Motorbike through the Hills.
Sapa Travel Blog› entry 42 of 105 › view all entries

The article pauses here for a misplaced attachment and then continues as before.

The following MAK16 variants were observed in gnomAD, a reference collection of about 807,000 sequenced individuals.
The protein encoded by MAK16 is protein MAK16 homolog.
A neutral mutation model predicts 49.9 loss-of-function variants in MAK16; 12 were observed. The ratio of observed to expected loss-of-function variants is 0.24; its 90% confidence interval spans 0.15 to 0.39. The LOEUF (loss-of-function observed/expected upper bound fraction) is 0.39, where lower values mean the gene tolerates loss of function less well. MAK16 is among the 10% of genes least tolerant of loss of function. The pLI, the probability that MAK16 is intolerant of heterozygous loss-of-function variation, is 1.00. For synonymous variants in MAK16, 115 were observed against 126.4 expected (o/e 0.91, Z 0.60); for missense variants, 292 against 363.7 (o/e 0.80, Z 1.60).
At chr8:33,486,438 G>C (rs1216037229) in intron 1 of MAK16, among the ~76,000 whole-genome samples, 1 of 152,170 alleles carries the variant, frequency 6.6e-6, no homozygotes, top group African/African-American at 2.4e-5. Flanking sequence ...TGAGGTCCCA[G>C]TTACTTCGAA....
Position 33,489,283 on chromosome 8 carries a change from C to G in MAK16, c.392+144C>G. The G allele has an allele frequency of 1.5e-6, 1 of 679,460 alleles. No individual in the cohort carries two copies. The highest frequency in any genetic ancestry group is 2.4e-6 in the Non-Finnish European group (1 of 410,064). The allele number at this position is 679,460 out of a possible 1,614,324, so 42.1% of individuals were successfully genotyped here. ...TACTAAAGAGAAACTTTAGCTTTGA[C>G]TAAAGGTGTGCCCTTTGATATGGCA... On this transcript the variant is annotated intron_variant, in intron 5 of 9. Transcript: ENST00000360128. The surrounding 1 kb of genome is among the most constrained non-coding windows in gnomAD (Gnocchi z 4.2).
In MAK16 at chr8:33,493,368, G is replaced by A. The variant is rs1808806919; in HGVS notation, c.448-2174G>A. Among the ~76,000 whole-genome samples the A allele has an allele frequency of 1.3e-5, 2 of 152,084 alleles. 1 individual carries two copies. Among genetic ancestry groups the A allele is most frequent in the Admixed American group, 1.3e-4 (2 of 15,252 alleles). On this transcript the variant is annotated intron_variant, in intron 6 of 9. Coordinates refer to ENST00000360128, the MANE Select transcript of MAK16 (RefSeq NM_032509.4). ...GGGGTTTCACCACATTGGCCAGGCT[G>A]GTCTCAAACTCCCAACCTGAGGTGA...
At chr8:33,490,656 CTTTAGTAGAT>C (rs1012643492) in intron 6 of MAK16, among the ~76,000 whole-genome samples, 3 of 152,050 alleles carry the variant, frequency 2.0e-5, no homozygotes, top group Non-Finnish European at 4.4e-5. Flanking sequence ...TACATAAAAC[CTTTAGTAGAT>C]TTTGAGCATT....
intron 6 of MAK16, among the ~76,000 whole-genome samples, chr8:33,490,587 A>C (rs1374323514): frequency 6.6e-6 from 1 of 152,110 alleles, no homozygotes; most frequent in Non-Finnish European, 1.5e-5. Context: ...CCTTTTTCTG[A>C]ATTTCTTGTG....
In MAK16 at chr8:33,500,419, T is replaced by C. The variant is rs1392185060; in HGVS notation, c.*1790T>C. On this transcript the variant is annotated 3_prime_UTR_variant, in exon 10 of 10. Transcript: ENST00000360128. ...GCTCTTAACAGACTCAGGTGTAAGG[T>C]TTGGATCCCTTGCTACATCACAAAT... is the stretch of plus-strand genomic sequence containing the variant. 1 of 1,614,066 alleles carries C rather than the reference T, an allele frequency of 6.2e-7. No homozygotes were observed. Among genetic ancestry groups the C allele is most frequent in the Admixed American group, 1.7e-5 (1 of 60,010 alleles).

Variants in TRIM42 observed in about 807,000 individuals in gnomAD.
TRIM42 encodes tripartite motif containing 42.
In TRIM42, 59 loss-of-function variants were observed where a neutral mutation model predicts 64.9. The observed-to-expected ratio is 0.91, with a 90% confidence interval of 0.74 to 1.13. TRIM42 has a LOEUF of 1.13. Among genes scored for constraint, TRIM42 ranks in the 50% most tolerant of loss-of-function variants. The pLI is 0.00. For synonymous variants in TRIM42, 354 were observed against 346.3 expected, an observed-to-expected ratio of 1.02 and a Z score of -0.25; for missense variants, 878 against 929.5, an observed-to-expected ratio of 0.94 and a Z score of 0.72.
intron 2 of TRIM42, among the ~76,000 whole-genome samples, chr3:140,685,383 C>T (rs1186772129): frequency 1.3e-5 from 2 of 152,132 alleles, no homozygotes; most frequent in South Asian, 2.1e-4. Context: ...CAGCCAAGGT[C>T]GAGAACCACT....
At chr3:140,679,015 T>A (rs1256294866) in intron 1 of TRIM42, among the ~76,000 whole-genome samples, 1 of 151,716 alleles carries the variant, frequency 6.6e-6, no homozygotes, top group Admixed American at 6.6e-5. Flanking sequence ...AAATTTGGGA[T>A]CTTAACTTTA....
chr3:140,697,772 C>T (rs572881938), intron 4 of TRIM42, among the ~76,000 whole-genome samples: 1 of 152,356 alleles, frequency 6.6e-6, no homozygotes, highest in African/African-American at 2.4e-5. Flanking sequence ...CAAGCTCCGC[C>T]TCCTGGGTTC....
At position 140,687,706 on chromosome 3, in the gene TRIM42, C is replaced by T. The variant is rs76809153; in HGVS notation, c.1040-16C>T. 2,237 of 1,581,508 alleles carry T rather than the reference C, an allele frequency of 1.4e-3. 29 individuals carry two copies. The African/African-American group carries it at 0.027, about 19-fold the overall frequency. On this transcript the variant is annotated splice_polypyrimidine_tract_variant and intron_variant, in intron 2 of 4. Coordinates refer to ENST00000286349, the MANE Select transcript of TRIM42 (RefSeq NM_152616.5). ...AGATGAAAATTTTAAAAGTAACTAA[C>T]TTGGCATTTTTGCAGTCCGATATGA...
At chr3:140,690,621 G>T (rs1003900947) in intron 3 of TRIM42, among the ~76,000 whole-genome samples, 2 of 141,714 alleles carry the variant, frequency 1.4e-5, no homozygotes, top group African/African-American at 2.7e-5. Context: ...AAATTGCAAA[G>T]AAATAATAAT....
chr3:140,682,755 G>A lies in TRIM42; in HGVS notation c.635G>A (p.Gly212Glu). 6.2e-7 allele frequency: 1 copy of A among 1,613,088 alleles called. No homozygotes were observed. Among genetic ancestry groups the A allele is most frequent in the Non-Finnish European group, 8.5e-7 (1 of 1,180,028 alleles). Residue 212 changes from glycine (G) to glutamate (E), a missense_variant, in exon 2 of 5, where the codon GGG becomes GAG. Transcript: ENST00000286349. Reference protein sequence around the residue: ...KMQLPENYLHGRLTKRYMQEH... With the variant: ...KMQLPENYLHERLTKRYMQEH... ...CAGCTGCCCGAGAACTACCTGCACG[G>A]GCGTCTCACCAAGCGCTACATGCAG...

The train pulled into Lao Cai through dense fog. Off the train, and the air was fresh. Cold and fresh. Nipping at your skin and turning your breath into clouds of "steam". The station stood a mere 3km from the China border. All ran smoothly and we made our way by minibus, climbing up high into the mountains. We emerged from the fog and into clear skies. The scenery was truely spectacular although partially obscured by heads and the fact i was sitting on the wrong side for the views. Rice fields were everywhere, embedded into the hills, rising up in layers. The mountains were a rich green, the sky a piercing blue and the sun a blinding white. This continued for every moment as we winding our way up the mountain roads which were suprising smooth. The driver deemed in necessary to stop the minibus half way up a slope to take a leak. The bus didn't want to start after he returned, so we clambered out and helped give it a starting push. We past many hill people walking to the market in central Sapa, baskets strapped to their backs containing their produce and all wearing their traditional outfits. The majority are Hmong people who (mostly) wear blue clothing which is coloured using an indigo dye from a plant which grows on the slopes of the mountains. The arrival to our hotel was smooth and we received a friendly welcome, clear explanations of our plans and a breakfast of: omlettes, pancakes, bread and juices which i shared with the 3 Australian girls. We were the only ones signed up for the full day of biking so luckily the group was small. So far so good. I was then told that i had been booked as a private tour so i was to receive my own personal guide and my own motorbike to ride. Even better. My guide arrived (he is called Binh) and he immediately made a good impression; purely with his handshake, smile and interaction with the receptionist. He showed me to the bike, an automatic and let me give it a test run. It was fine. So off we went. Along the main road and straight into the hills. I stopped within two minutes. It was cold. The wind fiercly pierced my skin making my ears ache. I added a tight fitting warm vest and we continued. It feels incredible, smoothly zipping my way up the mountain at 50kmh without effort. Passing through shadow and back into light as we drift around the mountains edge. Contrastingly, the sun now came as a relief rather than shade. I stopped again. Pulled my windbreaker over, keeping the hood up and sitting the helmet on top. Finally i was warm. We carried on up to 2000m and stopped to gaze into one of the valleys with bisected two provinces. The road infront of us continued on to Laos and the mountain (named Fanispan) to the left of us, called "the Roof of Indochina" is the tallest mountain in Indochina. We stopped at "Silver Waterfall" which rose up over 100m and fell beautifully down, hitting rocks and passing under a bridge on its way to the bottom. I sat for a hot drink with a local. The mixture of fresh cold air, the arouma of hot coffee and wooden fires burning on the mountain roads hit you beautifully. We passed down and through the valley, passing the cascading rice terraces which poured like the waterfall over the mountains edges and down its green slopes. We followed the falls water and reached the river where we travelled along and across "roads" which were full of deep puddles,large rocks and gritty sand. We ate lunch in a hilltribe village sitting behind the hustel and bustle of the more busy and tourist-full spots. The mother was warm and welcoming. The older son worked in the sun making a fishing contraption of some sort from bamboo wood. The younger son hung around me, trying on my sunglasses and putting on my helmet. Annoyingly they provided me with a nice but western meal. Bread and bananas. While they ate noodles. She also settled a pot of local tea by my plate which was especially nice in the cold weather. We visited another waterfall in a more secluded area. I had two Hmong women insist they show me to the falls, obviously wishing that i will repay them by purchasing one of their many goods. But i wanted none and told them so. But their village was on our way back to Sapa, so i gave one a lift on the back on my motorbike and cut her journey from a two hour walk with a darkening sky to a 20minute ride. Me and my guide swapped bikes so i got to have a go on a geared motorbike, although it had no clutch. It was easier than the automatic especially up some of the tougher and steeper paths. I hung back and let him go ahead so that i could get some speed on a straight stretch. The speed wasnt huge, 80kmph but it was thrilling, especially considering where i was. It was an awesome feeling, the dark hills, the wind, the setting sun. We had to cross a road where it had formed part of a waterfall. I managed to but with one very wet foot. Later, after showering I was on the back of my guides motorbike venturing out the City towards the unlit mountains as the final moments of daylight hung in the air. It was cold but once again beautiful. The setting sun sent a stunning soft light spilling over the mountains. While the sun set, smoke rose from small burning fires that dotted the land. I could spot the sillouete of children running across the tops of grassy banks and cattle lying in the dark. I got off the bike and walked down a path into the village and to the home in which i would be staying. The family consisted of a strong smiling husband, a happy wife and shy daughter. It was a very basic home with a fire which lay under a make-up of bricks and that was fed with long wooden logs. Over another was a herbal bath. The daughter who was 19years old was to be married two days later to a young 17 year old boy. They do it young here. They spent a long time cooking a huge feast. They placed large pans over the fire and added lots of different ingredients, constantly tasting the result and then adding some more of this and that. They practically force-fed me. Piling food and not letting me stop. Rice, beef, chicken, noodles, bamboo worms. On and on. Rice whiskey to start dinner. The father, his skin dark from work on the fields, smiles and nods, signalling me to drink. One large shot...knock it back. Two minutes later. Another shot. I stopped counting after the ninth. I was out of it. They were knocking it back like its water and they were damn thirsty. I eventually refused anymore. We sat by the crackling fire where they began to roast sweet-corn which they shredded and piled my hands high. I retired. My body could take no more.